Deadly? Yes. Fashionable? Not so much. I mean, really. A two-handed sword is so 1299. Now, a deep dish Chicago-style pizza with the works flung into an enemy's gullet -- that's progressive thinking!
Because I'm deeply bored with the usual suspects in most MMO armories, I wanted to spend a day praising devs who said, "Screw it. We're going weird, and we're not going to regret it, even when our bosses call us into their offices demanding why such lunacy ended up in a professional game."
So forget everything you think you know about weapons because your pitiful armament has yet to scratch the surface of the wild, wild universe of things that can be used to kill you in game. This Perfect Ten column is sponsored by Grizzly Bear Rocket Launchers, Ltd. after the jump.
Guild Wars' Dervish class already wields a highly unlikely weapon for warriors: a scythe. It's great for collecting wheat and pretending that you're the Grim Reaper but terrible for teammates who have to keep ducking in order to retain full use of their craniums.
But a banana scythe? That's genius. Fresh fruit is incredibly lethal in skilled hands, and I can imagine that enemies everywhere flinch when they see this bad boy twirling about. Well, except for gorillas. Really, it's not smart to attack a gorilla with a banana scythe.
LotRO already asks you to accept the premise that a musician can demoralize orcs with a snappy song or two, but I think most people's Rubicon is when the Minstrel class pulls out a bagpipe. Oh, yes, a bagpipe. Now you're assaulting the ears of both enemies and allies alike, and Middle-earth itself trembles before you. You don't make a lot of friends using this weapon, but you are invited to perform at many funerals.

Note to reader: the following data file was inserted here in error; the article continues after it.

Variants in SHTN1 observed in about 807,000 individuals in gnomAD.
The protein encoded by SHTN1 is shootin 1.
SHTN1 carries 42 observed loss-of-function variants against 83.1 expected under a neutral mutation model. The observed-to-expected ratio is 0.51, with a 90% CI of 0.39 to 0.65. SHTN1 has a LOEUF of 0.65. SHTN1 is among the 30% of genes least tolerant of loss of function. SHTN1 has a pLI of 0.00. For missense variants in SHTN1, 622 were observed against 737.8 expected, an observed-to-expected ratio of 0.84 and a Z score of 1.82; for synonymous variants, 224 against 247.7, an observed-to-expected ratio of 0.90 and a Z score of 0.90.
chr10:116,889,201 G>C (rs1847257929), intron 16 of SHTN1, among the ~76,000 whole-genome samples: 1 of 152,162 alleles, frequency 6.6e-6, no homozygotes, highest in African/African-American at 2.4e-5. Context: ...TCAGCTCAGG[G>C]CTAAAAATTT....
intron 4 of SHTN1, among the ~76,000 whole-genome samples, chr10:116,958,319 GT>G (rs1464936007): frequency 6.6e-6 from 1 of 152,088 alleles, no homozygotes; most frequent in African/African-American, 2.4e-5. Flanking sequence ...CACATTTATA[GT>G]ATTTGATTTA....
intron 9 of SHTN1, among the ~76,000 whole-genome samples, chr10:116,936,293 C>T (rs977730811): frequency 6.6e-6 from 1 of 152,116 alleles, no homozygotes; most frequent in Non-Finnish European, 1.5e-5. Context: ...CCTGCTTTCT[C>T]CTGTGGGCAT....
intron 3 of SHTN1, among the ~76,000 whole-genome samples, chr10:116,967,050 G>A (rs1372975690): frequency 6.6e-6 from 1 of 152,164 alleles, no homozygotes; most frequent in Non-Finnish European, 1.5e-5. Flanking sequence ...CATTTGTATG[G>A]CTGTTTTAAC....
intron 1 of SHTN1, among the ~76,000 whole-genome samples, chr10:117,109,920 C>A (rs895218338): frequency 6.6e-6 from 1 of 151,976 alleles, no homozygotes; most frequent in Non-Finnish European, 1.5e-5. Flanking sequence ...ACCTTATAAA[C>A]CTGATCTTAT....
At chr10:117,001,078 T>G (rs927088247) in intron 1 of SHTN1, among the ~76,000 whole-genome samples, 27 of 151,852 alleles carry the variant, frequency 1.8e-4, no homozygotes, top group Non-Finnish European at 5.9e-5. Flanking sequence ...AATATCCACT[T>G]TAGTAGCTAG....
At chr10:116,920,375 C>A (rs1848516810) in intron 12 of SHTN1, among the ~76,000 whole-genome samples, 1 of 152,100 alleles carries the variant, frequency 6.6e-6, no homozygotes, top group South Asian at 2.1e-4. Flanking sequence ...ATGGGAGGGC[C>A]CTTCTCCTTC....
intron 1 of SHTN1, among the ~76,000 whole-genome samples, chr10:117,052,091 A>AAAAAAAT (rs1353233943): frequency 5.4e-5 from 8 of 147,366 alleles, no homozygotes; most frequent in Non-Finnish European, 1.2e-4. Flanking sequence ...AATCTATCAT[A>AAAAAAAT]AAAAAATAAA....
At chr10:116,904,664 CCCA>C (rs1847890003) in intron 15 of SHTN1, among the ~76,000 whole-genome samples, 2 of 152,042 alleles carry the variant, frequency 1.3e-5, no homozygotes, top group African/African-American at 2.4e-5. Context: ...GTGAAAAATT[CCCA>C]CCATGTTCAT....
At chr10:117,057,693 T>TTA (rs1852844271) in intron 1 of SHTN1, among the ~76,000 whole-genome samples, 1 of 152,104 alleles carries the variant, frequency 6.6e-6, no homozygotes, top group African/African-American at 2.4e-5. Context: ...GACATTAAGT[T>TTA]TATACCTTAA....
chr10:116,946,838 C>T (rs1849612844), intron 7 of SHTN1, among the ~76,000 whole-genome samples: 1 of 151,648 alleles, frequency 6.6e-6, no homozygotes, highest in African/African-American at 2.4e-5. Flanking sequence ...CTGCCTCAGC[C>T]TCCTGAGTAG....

You have to assume that World of Warcraft has amassed quite a few... interesting weapon designs over the years, but none has topped the original insanity that was the fish mace. There are a few of these mid-level weapons in the game, several of which are sometimes seen flailing about in the hands of a misguided Rogue.
Details like these make you stand up and declare yourself to be a proud member of the gaming community, because while modern civilization may have been built on the shoulders of intellectual giants, you can dual-wield trout.
Honestly, I could've probably done this entire list just by using Aion. Giant forks? Leaves? Diamonds? Sword-space-fish? Carrots? It's like the devs had Drug Trip Day and nobody called them on it.
But if I had to pick just one unusual weapon from the game, it would be a staff made of two giant dandelions... because when you think of "skull-caving deadly," I'm sure the first image that pops into your mind is of fluffy, soft dandelions. You know, the ones that fly apart when a gentle breeze hits them. So if you try to fend off a dire bear with one of these and then spend the next six months in rehab wondering what went wrong, I'd probably start your investigation with "Why did you think wielding a flower was a good idea?"
Fallen Earth is the perfect arena to experiment with bizarre weaponry, and it isn't lore-breaking in the least. After all, when the apocalypse hits, you have to make do with what you find, right?